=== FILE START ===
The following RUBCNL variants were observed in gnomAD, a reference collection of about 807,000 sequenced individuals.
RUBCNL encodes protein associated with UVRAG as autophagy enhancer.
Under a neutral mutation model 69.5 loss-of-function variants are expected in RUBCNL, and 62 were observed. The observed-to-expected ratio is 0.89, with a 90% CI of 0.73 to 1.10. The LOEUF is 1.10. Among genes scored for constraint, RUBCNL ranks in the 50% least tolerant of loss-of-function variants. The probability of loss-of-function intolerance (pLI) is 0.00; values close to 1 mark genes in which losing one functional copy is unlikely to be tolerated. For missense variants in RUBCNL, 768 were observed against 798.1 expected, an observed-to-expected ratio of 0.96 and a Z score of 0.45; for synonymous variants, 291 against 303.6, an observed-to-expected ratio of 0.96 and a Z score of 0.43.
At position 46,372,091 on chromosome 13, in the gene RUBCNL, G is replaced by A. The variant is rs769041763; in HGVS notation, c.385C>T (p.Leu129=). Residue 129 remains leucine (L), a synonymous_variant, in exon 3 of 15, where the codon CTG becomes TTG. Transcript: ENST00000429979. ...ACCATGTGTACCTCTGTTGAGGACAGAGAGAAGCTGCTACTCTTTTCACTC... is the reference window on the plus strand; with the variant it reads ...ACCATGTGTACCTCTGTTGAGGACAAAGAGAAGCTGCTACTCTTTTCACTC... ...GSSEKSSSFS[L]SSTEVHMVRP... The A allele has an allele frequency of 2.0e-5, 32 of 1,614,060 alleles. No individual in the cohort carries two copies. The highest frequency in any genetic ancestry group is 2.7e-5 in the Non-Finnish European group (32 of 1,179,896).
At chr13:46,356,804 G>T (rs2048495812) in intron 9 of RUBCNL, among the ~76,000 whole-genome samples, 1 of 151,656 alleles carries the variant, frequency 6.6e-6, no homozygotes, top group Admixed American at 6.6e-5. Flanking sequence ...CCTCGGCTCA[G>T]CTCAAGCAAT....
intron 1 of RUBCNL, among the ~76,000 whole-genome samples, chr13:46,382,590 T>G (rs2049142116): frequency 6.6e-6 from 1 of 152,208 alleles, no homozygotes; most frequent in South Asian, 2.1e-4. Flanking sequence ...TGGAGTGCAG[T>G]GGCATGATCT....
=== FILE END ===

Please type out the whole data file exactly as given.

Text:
The following RUBCNL variants were observed in gnomAD, a reference collection of about 807,000 sequenced individuals.
RUBCNL encodes protein associated with UVRAG as autophagy enhancer.
Under a neutral mutation model 69.5 loss-of-function variants are expected in RUBCNL, and 62 were observed. The observed-to-expected ratio is 0.89, with a 90% CI of 0.73 to 1.10. The LOEUF is 1.10. Among genes scored for constraint, RUBCNL ranks in the 50% least tolerant of loss-of-function variants. The probability of loss-of-function intolerance (pLI) is 0.00; values close to 1 mark genes in which losing one functional copy is unlikely to be tolerated. For missense variants in RUBCNL, 768 were observed against 798.1 expected, an observed-to-expected ratio of 0.96 and a Z score of 0.45; for synonymous variants, 291 against 303.6, an observed-to-expected ratio of 0.96 and a Z score of 0.43.
At position 46,372,091 on chromosome 13, in the gene RUBCNL, G is replaced by A. The variant is rs769041763; in HGVS notation, c.385C>T (p.Leu129=). Residue 129 remains leucine (L), a synonymous_variant, in exon 3 of 15, where the codon CTG becomes TTG. Transcript: ENST00000429979. ...ACCATGTGTACCTCTGTTGAGGACAGAGAGAAGCTGCTACTCTTTTCACTC... is the reference window on the plus strand; with the variant it reads ...ACCATGTGTACCTCTGTTGAGGACAAAGAGAAGCTGCTACTCTTTTCACTC... ...GSSEKSSSFS[L]SSTEVHMVRP... The A allele has an allele frequency of 2.0e-5, 32 of 1,614,060 alleles. No individual in the cohort carries two copies. The highest frequency in any genetic ancestry group is 2.7e-5 in the Non-Finnish European group (32 of 1,179,896).
At chr13:46,356,804 G>T (rs2048495812) in intron 9 of RUBCNL, among the ~76,000 whole-genome samples, 1 of 151,656 alleles carries the variant, frequency 6.6e-6, no homozygotes, top group Admixed American at 6.6e-5. Flanking sequence ...CCTCGGCTCA[G>T]CTCAAGCAAT....
intron 1 of RUBCNL, among the ~76,000 whole-genome samples, chr13:46,382,590 T>G (rs2049142116): frequency 6.6e-6 from 1 of 152,208 alleles, no homozygotes; most frequent in South Asian, 2.1e-4. Flanking sequence ...TGGAGTGCAG[T>G]GGCATGATCT....